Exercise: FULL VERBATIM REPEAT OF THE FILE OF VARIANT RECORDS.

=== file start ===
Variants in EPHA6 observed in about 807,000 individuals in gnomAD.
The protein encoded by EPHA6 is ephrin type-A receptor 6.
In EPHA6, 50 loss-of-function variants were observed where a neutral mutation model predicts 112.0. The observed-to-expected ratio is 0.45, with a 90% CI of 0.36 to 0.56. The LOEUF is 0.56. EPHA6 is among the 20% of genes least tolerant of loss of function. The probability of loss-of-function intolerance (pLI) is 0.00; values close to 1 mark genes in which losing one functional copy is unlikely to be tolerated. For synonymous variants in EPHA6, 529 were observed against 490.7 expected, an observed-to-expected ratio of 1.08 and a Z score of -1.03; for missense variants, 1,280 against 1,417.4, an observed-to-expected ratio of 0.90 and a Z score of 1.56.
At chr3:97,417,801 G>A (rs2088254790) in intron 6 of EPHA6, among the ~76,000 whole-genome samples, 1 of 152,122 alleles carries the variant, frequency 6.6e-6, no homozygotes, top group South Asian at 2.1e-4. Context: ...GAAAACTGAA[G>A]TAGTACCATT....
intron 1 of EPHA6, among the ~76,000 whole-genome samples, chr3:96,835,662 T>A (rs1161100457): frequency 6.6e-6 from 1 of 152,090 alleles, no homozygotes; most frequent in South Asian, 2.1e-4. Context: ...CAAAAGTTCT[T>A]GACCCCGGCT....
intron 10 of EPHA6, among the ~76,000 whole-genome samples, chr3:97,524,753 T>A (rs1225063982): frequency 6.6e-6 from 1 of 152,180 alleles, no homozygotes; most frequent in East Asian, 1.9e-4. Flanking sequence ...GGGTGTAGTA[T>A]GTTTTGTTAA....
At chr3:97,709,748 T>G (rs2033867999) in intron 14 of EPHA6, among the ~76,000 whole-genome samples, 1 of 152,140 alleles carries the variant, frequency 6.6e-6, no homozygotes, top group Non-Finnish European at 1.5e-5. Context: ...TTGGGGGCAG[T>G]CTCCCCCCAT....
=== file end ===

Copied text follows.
Variants in EPHA6 observed in about 807,000 individuals in gnomAD.
The protein encoded by EPHA6 is ephrin type-A receptor 6.
In EPHA6, 50 loss-of-function variants were observed where a neutral mutation model predicts 112.0. The observed-to-expected ratio is 0.45, with a 90% CI of 0.36 to 0.56. The LOEUF is 0.56. EPHA6 is among the 20% of genes least tolerant of loss of function. The probability of loss-of-function intolerance (pLI) is 0.00; values close to 1 mark genes in which losing one functional copy is unlikely to be tolerated. For synonymous variants in EPHA6, 529 were observed against 490.7 expected, an observed-to-expected ratio of 1.08 and a Z score of -1.03; for missense variants, 1,280 against 1,417.4, an observed-to-expected ratio of 0.90 and a Z score of 1.56.
At chr3:97,417,801 G>A (rs2088254790) in intron 6 of EPHA6, among the ~76,000 whole-genome samples, 1 of 152,122 alleles carries the variant, frequency 6.6e-6, no homozygotes, top group South Asian at 2.1e-4. Context: ...GAAAACTGAA[G>A]TAGTACCATT....
intron 1 of EPHA6, among the ~76,000 whole-genome samples, chr3:96,835,662 T>A (rs1161100457): frequency 6.6e-6 from 1 of 152,090 alleles, no homozygotes; most frequent in South Asian, 2.1e-4. Context: ...CAAAAGTTCT[T>A]GACCCCGGCT....
intron 10 of EPHA6, among the ~76,000 whole-genome samples, chr3:97,524,753 T>A (rs1225063982): frequency 6.6e-6 from 1 of 152,180 alleles, no homozygotes; most frequent in East Asian, 1.9e-4. Flanking sequence ...GGGTGTAGTA[T>A]GTTTTGTTAA....
At chr3:97,709,748 T>G (rs2033867999) in intron 14 of EPHA6, among the ~76,000 whole-genome samples, 1 of 152,140 alleles carries the variant, frequency 6.6e-6, no homozygotes, top group Non-Finnish European at 1.5e-5. Context: ...TTGGGGGCAG[T>G]CTCCCCCCAT....